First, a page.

My go-to guy for Irish-Americans in early baseball is Dr. Jerry Casway. He is a history professor at Howard Community College in Maryland. He wrote a biography of Ed Delahanty: "Ed Delahanty in the Emerald Age of Baseball". I don't feel comfortable putting his email address in a public forum, but I have given you ample information to track him down, if you are interested. If you do, tell him I am still waiting to hear when he wants to do lunch.
I have that book. It's a very workmanlike work. Thorough, detailed, clearly-written, thoughtful. I hope he does more.
David Fleitz's other book is Shoeless: The Life and Times of Joe Jackson. Has anyone here read it? I haven't. Perhaps I will.
Found in a fortune cookie On Thursday, August 18th, 2005: "Hard words break no bones, Kind words butter no parsnips."
1955 1959 1963 1965 1981 1988
I'm also pretty interested in Bond based on how well he does with the Hall of Stats. Many 19th century pitchers have bloated Hall Ratings, though. I wrote about it here:
Here's what I specifically wrote about Bond: http://www.hallofstats.com/articles/...-pitchers-wwar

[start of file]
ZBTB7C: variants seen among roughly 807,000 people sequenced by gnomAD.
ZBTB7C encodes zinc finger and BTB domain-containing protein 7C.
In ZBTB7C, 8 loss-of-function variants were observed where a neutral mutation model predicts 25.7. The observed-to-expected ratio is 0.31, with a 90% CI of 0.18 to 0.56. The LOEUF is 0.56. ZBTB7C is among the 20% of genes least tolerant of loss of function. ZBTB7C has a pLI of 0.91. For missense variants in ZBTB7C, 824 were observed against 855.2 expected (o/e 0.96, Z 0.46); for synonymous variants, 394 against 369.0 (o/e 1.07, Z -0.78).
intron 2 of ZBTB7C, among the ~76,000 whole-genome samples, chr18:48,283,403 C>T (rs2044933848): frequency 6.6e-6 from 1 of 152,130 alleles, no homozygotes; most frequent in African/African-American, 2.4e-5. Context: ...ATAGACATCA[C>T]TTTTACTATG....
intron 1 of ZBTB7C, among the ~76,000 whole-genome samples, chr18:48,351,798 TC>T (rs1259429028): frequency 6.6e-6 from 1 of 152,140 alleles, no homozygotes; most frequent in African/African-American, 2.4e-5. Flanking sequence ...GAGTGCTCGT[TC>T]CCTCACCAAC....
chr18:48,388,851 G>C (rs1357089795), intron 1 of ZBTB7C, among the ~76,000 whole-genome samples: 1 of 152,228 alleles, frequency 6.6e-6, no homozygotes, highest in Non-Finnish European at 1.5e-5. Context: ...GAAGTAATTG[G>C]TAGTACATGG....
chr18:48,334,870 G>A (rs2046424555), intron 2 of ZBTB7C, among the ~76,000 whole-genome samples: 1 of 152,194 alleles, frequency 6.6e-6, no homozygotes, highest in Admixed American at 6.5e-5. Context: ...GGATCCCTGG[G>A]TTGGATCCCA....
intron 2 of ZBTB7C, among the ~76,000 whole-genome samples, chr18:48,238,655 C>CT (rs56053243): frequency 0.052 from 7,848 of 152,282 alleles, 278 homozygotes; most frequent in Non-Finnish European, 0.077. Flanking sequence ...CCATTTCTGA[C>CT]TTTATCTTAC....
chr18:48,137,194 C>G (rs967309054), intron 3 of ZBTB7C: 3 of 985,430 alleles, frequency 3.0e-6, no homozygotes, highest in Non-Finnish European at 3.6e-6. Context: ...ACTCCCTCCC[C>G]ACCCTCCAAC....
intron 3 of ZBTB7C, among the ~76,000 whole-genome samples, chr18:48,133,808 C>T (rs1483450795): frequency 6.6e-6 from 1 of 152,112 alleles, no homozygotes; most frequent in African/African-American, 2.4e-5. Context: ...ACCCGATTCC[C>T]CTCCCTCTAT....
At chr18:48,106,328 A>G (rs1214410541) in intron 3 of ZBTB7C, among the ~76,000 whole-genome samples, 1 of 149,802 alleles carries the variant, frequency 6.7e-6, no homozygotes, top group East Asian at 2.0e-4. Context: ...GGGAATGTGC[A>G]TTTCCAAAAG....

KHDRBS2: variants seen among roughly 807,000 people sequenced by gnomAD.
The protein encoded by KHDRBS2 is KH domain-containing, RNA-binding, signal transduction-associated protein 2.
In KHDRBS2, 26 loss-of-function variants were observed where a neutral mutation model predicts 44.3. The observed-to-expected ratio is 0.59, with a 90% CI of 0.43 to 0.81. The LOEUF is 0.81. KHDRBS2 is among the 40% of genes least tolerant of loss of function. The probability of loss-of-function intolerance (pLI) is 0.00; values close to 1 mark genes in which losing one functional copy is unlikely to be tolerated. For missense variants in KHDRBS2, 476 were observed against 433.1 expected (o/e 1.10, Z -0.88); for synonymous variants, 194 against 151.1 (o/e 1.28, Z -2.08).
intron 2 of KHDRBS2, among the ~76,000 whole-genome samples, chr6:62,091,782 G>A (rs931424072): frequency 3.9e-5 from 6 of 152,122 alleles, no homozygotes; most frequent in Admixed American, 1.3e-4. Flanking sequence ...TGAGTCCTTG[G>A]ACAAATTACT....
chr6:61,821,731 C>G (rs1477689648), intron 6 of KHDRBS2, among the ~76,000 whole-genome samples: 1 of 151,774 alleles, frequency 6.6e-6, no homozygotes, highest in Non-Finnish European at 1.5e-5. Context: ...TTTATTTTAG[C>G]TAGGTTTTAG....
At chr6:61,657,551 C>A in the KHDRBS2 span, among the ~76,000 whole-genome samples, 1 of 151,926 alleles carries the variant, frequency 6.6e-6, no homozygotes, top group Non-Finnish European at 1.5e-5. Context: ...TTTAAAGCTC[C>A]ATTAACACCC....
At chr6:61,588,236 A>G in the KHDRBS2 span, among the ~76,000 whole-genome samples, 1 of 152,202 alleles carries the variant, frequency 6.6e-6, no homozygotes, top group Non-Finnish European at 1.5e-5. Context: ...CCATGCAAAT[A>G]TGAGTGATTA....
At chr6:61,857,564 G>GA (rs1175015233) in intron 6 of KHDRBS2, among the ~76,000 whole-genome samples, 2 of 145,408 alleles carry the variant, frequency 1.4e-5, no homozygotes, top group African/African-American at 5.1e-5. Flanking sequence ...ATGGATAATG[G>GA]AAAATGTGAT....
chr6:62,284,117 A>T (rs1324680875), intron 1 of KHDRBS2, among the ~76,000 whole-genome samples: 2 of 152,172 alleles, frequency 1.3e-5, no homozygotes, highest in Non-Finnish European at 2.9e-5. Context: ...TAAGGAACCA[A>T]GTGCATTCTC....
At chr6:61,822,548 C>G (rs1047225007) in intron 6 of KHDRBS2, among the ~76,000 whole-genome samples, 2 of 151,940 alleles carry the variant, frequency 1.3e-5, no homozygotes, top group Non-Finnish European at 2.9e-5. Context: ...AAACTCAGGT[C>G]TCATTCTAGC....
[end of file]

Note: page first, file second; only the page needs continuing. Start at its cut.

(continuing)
While Rusie is the first player on the list who is not a slam dunk, Tommy Bond is the first who is not in the Hall of Fame. Bond won 234 games with a .589 percentage. In fact, he is one of only two pitchers with three consecutive 40-win seasons (Al Spalding had four). Bond is also one of only two pitchers with five 10-WAR seasons (Walter Johnson had six).
So, what’s wrong with Bond? He was worth 60.8 WAR as a pitcher, but he was essentially through by age 23. After the mound was moved back to 50 feet (from 45) in 1881, Bond pitched in only 33 games, winning 13 with an ERA+ of 84. He was gone long before the mound would move back to 60 feet, 6 inches.
Bond had five amazing seasons when baseball was in its infancy. Are five incredible seasons—and nothing else—enough to get you in?
The Hall of Stats: An alternate Hall of Fame populated by a mathematical formula.
Tommie Bond had a mastery of breaking balls or in-curves and out-shoots, mixed with perhaps the most feared fast ball of the 1870's. He played 8 seasons in the majors. He also played two seasons in the National Association that some people think was a major league, which if accepted makes him a ten-year major league player. He also played for Memphis in the Southern League and Brockton of the New England League. He also Umpired in 1875, 1883, 1884, and 1885.
Grerat stuff by Hershburger. Does he still post here. I love baseball historical prose.